The Ram


If you turn off the lights, and sit on the front stoop long enough, you’ll see him. The ram. A round-horned shadow chewing on trash by the side of the road, white flank torched by passing headlights—sears a negative onto your retinas. The ram eats everything. Crushed beer cans, rusted bike chains, dandelion heads. When we were kids, we snuck up and flicked cigarette butts at his hindquarters; he ate those, too. Scraped the ashes off the asphalt with his blackish tongue. Dropped pacifiers. Ticking wristwatches. Once he ate a Barbie doll whose left arm was missing. The older kids used to scare the younger ones by saying he’d eat us, even, if we ever looked him in the eye. Do that, they smirked, and you’re a dead man walking. So we kept our eyes trained on the ground, on our frayed jean cuffs and sneakers, as we asked each other why he did it. If he was hungry, or bored, if he needed all that eating to stay alive. If we’d looked at each other sooner, maybe we’d have seen. He isn’t looking to keep alive. No: the ram eats because he missed his chance to die. He’s still looking for it, in the broken glass. The felled telephone wires. He’s still hoping to find it slicing, daggerlike, under his back molars. He’s swallowed a thousand false deaths already. He’ll swallow a thousand more. You’ll understand, if you sit here long enough. If you catch the reflection of your eye in his.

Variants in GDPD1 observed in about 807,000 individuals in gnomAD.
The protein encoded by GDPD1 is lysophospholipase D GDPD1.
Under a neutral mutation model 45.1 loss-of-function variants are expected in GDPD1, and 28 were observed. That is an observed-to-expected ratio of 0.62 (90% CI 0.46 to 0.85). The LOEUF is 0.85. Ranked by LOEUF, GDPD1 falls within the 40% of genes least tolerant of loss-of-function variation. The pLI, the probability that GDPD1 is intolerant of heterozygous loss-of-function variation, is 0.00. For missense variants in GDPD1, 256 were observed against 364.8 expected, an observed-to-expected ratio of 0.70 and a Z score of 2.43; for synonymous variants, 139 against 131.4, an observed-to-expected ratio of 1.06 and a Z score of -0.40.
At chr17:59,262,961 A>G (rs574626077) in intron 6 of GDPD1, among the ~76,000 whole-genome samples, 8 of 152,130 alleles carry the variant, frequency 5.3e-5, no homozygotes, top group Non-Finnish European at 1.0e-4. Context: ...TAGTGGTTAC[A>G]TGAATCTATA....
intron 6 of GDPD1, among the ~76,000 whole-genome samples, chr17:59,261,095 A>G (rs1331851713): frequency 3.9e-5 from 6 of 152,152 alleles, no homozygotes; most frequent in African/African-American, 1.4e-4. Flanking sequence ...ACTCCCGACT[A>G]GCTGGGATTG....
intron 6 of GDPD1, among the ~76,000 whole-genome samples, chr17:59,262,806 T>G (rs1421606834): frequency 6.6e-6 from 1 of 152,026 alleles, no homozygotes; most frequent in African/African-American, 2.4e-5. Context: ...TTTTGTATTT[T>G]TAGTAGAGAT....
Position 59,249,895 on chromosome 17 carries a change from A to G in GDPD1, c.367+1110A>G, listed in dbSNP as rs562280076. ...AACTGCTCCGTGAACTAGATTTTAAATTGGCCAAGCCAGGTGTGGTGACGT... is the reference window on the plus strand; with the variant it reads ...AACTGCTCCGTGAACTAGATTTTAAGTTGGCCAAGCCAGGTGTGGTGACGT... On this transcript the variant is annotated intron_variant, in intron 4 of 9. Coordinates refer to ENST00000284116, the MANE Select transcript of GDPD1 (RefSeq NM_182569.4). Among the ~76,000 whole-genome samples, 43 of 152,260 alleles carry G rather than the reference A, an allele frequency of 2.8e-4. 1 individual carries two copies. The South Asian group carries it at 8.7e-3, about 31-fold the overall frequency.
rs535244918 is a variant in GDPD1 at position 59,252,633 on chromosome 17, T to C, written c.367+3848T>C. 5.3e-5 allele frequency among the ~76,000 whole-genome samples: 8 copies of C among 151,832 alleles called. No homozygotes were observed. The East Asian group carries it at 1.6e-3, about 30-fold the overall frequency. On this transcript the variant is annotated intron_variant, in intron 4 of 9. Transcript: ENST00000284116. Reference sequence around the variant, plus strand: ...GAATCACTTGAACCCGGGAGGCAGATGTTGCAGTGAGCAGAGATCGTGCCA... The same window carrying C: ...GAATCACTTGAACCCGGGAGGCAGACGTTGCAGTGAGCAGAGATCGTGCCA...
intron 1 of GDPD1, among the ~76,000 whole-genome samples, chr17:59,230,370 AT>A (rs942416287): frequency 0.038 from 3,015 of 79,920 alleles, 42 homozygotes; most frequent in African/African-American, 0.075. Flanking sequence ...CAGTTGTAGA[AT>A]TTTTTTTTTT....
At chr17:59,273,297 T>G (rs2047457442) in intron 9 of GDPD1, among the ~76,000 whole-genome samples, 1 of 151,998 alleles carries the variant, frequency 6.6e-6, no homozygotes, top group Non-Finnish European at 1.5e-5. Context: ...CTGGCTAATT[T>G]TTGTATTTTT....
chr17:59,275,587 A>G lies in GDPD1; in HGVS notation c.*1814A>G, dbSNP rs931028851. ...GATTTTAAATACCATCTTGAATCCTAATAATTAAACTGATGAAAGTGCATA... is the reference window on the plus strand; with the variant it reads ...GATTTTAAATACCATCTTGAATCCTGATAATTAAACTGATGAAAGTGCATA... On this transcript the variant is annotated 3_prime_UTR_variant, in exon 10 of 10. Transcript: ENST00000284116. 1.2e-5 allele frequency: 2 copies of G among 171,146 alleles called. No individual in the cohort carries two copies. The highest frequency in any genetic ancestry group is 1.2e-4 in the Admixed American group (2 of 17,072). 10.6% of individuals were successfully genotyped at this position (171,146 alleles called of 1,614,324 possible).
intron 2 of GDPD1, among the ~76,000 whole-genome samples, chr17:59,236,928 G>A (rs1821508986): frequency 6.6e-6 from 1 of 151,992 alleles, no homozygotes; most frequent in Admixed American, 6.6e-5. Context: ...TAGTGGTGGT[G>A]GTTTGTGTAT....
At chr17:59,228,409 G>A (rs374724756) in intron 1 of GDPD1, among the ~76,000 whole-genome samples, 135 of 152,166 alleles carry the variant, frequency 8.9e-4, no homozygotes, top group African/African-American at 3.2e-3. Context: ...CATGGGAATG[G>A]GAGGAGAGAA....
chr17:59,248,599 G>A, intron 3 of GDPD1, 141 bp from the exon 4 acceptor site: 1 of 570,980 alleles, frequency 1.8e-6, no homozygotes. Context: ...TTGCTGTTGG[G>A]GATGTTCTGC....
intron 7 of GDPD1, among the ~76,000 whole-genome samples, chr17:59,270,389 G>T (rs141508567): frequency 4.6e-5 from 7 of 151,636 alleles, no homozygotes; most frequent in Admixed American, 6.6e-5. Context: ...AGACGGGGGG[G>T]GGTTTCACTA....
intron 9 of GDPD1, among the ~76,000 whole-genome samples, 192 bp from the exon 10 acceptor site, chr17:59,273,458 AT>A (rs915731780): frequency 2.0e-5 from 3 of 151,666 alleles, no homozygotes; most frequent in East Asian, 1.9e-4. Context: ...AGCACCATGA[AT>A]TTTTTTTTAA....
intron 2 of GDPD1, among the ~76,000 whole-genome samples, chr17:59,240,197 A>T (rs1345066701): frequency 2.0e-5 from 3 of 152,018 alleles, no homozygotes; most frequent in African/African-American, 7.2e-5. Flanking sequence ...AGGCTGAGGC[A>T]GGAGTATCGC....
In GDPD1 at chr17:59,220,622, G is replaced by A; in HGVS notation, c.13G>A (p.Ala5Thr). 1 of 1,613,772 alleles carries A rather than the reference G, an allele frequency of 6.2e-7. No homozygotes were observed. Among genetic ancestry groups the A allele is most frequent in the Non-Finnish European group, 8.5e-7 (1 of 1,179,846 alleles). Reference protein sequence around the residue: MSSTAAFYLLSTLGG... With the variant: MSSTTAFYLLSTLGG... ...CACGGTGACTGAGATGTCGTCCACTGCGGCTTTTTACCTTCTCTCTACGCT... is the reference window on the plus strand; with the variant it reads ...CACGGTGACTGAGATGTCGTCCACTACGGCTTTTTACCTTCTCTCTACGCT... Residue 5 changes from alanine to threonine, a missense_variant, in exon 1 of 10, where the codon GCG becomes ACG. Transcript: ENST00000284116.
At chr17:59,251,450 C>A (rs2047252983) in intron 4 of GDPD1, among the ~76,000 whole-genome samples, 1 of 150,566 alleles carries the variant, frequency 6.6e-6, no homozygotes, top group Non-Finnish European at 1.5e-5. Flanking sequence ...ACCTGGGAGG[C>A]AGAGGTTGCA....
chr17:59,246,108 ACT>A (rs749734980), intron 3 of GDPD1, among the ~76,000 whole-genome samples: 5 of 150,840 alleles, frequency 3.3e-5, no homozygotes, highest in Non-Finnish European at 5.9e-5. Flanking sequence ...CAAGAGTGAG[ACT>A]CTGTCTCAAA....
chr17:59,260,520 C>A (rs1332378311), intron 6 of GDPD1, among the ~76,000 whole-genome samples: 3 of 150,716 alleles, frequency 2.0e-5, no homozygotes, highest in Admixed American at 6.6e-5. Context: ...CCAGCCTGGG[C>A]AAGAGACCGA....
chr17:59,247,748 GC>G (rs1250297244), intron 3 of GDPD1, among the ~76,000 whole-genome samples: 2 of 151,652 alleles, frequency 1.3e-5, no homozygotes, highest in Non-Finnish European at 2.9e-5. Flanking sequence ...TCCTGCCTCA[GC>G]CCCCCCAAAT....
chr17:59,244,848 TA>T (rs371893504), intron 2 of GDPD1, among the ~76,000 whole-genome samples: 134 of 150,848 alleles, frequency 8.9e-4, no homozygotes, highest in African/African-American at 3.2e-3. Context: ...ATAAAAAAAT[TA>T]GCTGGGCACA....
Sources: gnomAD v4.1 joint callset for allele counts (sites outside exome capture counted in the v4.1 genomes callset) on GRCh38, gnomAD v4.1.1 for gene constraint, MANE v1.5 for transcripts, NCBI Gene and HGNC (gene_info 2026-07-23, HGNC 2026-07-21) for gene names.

Jane Hahn